Many real-life persons are depicted throughout the film—in addition to the already mentioned Ralph Abernathy and Rosa Parks, there are: activist and friend of Rosa Parks and Eleanor Roosevelt, Virginia Durr (Julia Ormond); civil rights lawyer/activist Jessica Mitford (Sienna Guillory); Freedom Rider Jim Zwerg (Matt William Knowles); activist Charles McDew (Onye Eme-Akwari); Jim Forman (Chaka Forman, the son of Forman); and John Lewis (Dexter Darden), the latter who went on from CR activism to represent Georgia’s 5th congressional district in the United States House of Representatives. Quite a constellation of CR stars, so it is unfortunate that Brown couldn’t have given more screen time to at least a few of them, most of them appearing as mere cameo characters. (At least we do hear a few lines from one of Ralph Abernathy’s sermons.)
Jake Abel’s Doc serves as Bob’s principal antagonist, a longtime friend who is outraged by his pal’s taking on the role of “traitor,” as southerners who believed in equality were dubbed. I don’t know if Doc is a real person or a composite, but he epitomizes well the implacable opposition of the prejudiced person who cannot change.
The film is far from perfect, but it is a good tribute to one of the less known leaders of the Civil Rights Movement. For some of us today it might provide a good example of the necessity for taking a stand when it is unpopular, even dangerous, to do so. I am reminded of James Russel Lowell’s poem made into a hymn, “Once to Every Man and Nation comes the moment to decide…” Bob Zellner and his fellow moderates are brought under the judgment not only of Dr. King and New England poet Lowell, but also of the author of Revelations 3:15-16, who wrote to the church in Laodicea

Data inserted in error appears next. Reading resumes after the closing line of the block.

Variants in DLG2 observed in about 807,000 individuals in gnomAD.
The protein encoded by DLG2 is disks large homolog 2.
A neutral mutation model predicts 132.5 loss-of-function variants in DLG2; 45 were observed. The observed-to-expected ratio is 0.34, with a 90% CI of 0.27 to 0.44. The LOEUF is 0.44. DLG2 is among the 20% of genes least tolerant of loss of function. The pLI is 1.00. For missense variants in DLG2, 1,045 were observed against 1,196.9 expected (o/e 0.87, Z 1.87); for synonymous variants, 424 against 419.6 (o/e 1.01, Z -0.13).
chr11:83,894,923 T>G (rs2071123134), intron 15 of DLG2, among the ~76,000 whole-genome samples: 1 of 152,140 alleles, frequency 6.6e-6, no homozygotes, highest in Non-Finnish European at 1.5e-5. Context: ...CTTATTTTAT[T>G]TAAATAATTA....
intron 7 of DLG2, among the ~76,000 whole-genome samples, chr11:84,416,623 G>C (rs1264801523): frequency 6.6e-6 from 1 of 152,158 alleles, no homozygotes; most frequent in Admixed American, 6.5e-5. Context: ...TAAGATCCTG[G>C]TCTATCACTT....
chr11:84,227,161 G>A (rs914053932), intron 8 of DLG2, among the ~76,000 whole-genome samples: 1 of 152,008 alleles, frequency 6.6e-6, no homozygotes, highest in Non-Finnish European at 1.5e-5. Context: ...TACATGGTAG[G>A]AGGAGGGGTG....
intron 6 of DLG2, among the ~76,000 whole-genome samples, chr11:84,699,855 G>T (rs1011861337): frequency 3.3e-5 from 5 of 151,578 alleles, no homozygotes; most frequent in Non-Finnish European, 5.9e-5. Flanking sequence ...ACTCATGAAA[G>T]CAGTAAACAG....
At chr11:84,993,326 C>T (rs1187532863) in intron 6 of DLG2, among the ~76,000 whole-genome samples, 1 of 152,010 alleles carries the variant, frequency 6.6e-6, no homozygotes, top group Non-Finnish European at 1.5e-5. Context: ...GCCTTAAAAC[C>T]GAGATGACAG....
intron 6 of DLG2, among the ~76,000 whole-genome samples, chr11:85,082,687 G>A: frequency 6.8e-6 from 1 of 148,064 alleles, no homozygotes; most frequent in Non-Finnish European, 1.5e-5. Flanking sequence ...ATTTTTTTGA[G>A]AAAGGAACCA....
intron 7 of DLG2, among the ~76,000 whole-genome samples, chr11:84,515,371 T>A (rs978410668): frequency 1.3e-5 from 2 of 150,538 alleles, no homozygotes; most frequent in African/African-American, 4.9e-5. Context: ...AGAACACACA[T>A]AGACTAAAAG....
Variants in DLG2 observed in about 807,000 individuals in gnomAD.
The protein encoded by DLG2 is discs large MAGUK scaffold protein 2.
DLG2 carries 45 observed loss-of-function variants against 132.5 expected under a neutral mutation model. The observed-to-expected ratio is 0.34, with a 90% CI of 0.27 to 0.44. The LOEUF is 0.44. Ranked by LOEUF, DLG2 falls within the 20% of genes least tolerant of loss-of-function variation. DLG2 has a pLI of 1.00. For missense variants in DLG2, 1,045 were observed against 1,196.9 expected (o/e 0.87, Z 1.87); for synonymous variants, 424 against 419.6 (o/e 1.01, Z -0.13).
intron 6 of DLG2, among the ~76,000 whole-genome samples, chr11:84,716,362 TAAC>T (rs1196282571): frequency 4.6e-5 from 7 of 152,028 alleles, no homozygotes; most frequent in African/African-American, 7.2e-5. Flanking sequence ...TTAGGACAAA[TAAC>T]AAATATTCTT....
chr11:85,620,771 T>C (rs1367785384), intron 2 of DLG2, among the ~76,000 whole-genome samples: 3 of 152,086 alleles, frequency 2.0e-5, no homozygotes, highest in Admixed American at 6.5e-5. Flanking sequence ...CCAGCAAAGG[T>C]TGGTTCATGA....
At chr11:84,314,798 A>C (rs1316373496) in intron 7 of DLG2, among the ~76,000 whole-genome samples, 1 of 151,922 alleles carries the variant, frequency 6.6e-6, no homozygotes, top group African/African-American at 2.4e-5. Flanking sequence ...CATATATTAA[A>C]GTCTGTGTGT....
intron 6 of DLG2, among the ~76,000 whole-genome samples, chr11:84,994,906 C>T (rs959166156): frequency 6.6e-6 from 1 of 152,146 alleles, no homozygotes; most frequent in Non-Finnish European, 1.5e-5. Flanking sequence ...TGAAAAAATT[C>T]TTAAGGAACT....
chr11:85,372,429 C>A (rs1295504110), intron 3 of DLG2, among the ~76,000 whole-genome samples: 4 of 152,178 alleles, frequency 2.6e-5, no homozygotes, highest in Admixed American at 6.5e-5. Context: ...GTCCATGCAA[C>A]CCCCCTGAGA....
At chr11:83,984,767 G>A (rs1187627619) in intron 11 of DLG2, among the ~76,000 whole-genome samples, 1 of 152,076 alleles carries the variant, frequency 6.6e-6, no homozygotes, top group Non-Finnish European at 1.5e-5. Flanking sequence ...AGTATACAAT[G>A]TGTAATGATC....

“I know your works; you are neither cold nor hot. I wish that you were either cold or hot. So, because you are lukewarm, and neither cold nor hot, I am about to spit you out of my mouth.”
Bob Zellner is one of those lukewarm Americans who was transformed into a firebrand for justice and equality. He provides hope that the most unlikely person can rise above engrained racism and become a champion of freedom for all. And it all began with a term paper. Did ever any of your schoolwork lead to such life-changing results?
If this film appeared in a Cincinnati are cinema, I missed it, so I am glad I stumbled across it while browsing Amazon Prime. It’s a good film to use with both adult and youth groups in exploring social justice issues. This is definitely a visual parable and not just another time-filling piece of entertainment.
This review will be in the October issue of VP along with a set of questions for reflection and/or discussion. If you have found reviews on this site helpful, please consider purchasing a subscription or individual issue in The